Background to the project

Cowpea and bruchid

Cowpea is important in semi-arid areas:

  • Being a traditional crop, it is well adapted to semi-arid climates and can therefore withstand relative droughts and does not need as much inputs like fertiliser as other crops. In fact, as for all legumes, cultivating cowpea even enriches the soil in nitrogen.

  • As a source of non-animal protein. It is important for human consumption, because of the high protein content of its beans, in areas where meat is not available in sufficient quantities.

A cowpea field in northern Ghana

Cowpea and maturing pods

Cowpea on sale on Tamale market (Northern Ghana)

The importance of cowpea in Ghanaian food is illustrated by the many recipes used to prepare it. Two example available on the web are: Black-eye bean stew and Rice and Beans

In semi-arid areas, food produced during the rainy season has to be stored for the duration of the dry season which can last up to 7 or 8 months. Farmers have traditionally stored their foodstuff in granaries, in the household compound or nearby. The harvest is dried and stored, and over the dry season, the family will take out of the store what it needs to cook and sell on the market when it needs cash. Cowpea beans could then be consumed the whole year round, and financially it is worth storing it as the market price will rise with scarcity, over the dry season.

But the main pest of stored cowpea is the bruchid Callosobruchus maculatus which can damage severely stored grains

Cowpea damaged by bruchids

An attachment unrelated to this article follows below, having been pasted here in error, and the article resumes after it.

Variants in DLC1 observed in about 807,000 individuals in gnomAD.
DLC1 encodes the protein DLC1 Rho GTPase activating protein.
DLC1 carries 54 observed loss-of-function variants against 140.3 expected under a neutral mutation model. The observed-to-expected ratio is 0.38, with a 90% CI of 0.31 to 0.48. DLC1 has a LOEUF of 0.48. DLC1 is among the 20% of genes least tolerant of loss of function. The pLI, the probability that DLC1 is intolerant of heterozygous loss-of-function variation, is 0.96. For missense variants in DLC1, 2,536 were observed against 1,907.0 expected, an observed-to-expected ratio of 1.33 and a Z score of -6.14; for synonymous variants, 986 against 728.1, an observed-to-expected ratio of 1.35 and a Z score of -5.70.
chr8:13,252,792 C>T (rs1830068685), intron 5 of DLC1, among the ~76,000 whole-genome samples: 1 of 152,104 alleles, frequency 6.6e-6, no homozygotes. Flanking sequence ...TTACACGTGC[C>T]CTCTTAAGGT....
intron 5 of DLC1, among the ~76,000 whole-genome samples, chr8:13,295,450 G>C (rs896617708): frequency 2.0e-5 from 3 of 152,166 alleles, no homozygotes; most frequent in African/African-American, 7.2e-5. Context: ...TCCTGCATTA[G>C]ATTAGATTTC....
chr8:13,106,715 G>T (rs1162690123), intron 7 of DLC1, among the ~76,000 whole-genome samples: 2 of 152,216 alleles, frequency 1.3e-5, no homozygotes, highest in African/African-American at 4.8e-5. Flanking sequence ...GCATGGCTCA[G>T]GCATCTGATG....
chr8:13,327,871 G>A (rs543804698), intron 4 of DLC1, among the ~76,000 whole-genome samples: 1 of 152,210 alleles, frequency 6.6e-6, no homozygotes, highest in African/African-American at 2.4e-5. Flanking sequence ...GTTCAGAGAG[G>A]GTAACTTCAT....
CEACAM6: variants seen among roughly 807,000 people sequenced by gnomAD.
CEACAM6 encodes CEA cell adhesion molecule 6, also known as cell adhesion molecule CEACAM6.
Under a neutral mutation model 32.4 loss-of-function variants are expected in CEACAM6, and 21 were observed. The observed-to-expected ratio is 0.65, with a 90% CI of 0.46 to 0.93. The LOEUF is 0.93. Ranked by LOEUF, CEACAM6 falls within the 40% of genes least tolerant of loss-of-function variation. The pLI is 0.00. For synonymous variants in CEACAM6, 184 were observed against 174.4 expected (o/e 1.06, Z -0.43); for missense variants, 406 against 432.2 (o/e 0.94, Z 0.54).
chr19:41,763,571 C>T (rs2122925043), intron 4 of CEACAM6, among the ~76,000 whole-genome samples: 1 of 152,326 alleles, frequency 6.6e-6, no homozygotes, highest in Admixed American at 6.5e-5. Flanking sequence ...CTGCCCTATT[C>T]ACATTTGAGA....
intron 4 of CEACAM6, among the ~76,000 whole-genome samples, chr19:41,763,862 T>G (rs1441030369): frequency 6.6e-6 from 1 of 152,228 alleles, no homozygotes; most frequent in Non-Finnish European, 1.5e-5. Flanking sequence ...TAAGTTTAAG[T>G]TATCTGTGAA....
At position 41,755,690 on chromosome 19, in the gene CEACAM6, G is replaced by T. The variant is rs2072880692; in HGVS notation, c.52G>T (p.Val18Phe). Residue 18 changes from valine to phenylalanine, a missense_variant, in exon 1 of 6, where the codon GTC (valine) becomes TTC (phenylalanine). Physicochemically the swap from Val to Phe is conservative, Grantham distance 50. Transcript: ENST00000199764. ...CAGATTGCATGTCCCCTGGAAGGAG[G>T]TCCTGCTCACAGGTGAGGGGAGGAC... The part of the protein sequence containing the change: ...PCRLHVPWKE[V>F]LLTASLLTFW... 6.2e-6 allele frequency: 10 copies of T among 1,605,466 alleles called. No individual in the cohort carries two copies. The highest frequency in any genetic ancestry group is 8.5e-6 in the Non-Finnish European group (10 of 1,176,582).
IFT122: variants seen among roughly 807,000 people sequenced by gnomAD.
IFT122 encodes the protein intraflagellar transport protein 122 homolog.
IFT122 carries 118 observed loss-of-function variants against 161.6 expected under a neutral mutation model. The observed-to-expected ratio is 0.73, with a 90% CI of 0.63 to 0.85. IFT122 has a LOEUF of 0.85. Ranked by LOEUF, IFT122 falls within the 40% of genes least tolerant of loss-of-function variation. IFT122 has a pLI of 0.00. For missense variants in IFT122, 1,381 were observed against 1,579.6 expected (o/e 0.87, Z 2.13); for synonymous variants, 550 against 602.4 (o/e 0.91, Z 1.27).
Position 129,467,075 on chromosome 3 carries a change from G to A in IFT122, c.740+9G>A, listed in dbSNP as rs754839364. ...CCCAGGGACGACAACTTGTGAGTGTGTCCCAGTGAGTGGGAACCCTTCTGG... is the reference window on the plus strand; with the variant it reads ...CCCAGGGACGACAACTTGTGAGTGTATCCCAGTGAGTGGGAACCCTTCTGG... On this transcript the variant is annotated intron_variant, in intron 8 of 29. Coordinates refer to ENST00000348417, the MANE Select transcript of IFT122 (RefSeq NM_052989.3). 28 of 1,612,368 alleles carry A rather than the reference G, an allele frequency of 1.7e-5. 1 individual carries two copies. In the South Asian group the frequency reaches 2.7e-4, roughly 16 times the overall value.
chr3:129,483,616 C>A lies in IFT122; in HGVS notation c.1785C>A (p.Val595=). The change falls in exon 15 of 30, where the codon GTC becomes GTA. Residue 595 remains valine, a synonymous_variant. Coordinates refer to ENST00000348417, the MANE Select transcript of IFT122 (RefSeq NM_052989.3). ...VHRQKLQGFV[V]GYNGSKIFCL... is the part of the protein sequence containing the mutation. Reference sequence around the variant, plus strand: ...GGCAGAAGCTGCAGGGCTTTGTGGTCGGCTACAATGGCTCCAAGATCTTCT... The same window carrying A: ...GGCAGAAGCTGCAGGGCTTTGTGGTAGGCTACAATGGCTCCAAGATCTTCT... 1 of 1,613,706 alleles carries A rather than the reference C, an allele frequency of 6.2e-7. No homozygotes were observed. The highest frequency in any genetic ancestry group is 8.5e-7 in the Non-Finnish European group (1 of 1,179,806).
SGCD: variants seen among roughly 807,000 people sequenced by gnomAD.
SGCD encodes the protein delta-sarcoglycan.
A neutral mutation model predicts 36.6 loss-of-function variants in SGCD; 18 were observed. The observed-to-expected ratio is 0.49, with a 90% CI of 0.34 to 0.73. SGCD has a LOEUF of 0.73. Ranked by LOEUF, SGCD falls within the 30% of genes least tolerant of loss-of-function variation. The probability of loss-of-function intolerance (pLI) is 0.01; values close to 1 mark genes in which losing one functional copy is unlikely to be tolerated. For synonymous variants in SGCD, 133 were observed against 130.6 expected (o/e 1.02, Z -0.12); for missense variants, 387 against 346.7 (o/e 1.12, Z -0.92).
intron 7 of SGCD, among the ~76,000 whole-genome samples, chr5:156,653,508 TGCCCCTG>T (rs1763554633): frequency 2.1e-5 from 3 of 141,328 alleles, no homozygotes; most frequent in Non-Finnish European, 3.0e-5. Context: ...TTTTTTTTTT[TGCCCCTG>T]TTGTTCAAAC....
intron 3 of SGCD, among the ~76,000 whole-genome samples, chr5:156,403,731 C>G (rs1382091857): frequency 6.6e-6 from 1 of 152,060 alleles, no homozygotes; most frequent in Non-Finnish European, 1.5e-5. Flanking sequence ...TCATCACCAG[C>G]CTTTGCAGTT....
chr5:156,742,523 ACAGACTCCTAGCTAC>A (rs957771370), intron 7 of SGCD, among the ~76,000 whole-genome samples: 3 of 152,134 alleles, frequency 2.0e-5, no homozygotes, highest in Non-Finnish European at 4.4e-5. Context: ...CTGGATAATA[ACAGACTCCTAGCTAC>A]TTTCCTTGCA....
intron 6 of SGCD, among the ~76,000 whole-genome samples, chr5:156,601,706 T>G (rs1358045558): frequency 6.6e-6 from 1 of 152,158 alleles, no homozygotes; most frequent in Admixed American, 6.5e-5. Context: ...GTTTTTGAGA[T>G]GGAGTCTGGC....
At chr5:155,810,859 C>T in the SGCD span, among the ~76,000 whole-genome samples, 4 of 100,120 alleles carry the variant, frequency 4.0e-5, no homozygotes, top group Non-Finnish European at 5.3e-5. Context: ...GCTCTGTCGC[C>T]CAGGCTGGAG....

Adults cowpea bruchids (from A. P. Ouedraogo's Doctorate thesis, University of Tours)

The bruchid life cycle takes about 1 month, adults mate and lay eggs within 5 days of emergence, and each female can lay up to 100 eggs:

The damage caused by the bruchid can be very high, and the entire stock could be destroyed in a few months. Because of this risk, and because they need cash after the harvest season, farmers are reluctant to store their cowpea, and will sell it early after harvest, when its price is lowest. They will not benefit from the high prices attained later in the dry season, and will even have to purchase cowpea at that price because they have not got enough in their stores to feed their family.

This project had for objective to research methods of control against the bruchid, which would be effective, affordable and safe for small scale farmers in semi-arid areas, and would allow them to store cowpea during the dry season.

The geographical location

Most of the project work was undertaken in northern Ghana, in the Northern Region. The field work took place in Gushegu district, where cowpea is widely grown, and the project office was based at the Post Harvest Development Unit of the Ministry of Food and Agriculture, in Tamale.